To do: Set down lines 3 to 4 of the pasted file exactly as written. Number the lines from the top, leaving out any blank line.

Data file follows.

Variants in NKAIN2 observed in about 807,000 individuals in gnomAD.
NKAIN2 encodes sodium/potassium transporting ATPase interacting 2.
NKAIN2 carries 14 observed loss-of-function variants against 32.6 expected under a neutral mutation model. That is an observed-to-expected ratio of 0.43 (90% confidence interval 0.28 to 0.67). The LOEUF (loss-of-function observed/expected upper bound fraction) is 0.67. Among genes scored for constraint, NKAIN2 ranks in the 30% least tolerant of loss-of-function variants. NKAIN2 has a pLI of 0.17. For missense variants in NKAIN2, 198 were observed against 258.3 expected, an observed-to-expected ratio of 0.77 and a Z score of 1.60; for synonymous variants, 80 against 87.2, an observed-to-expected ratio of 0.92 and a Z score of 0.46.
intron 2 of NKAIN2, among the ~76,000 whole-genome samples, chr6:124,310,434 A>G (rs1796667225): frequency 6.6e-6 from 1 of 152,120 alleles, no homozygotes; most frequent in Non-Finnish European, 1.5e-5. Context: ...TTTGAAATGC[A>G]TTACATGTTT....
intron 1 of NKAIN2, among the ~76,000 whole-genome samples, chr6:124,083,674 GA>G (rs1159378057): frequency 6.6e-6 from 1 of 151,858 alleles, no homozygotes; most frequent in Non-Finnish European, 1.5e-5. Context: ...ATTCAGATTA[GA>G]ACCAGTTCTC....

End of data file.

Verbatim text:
NKAIN2 carries 14 observed loss-of-function variants against 32.6 expected under a neutral mutation model. That is an observed-to-expected ratio of 0.43 (90% confidence interval 0.28 to 0.67). The LOEUF (loss-of-function observed/expected upper bound fraction) is 0.67. Among genes scored for constraint, NKAIN2 ranks in the 30% least tolerant of loss-of-function variants. NKAIN2 has a pLI of 0.17. For missense variants in NKAIN2, 198 were observed against 258.3 expected, an observed-to-expected ratio of 0.77 and a Z score of 1.60; for synonymous variants, 80 against 87.2, an observed-to-expected ratio of 0.92 and a Z score of 0.46.
intron 2 of NKAIN2, among the ~76,000 whole-genome samples, chr6:124,310,434 A>G (rs1796667225): frequency 6.6e-6 from 1 of 152,120 alleles, no homozygotes; most frequent in Non-Finnish European, 1.5e-5. Context: ...TTTGAAATGC[A>G]TTACATGTTT....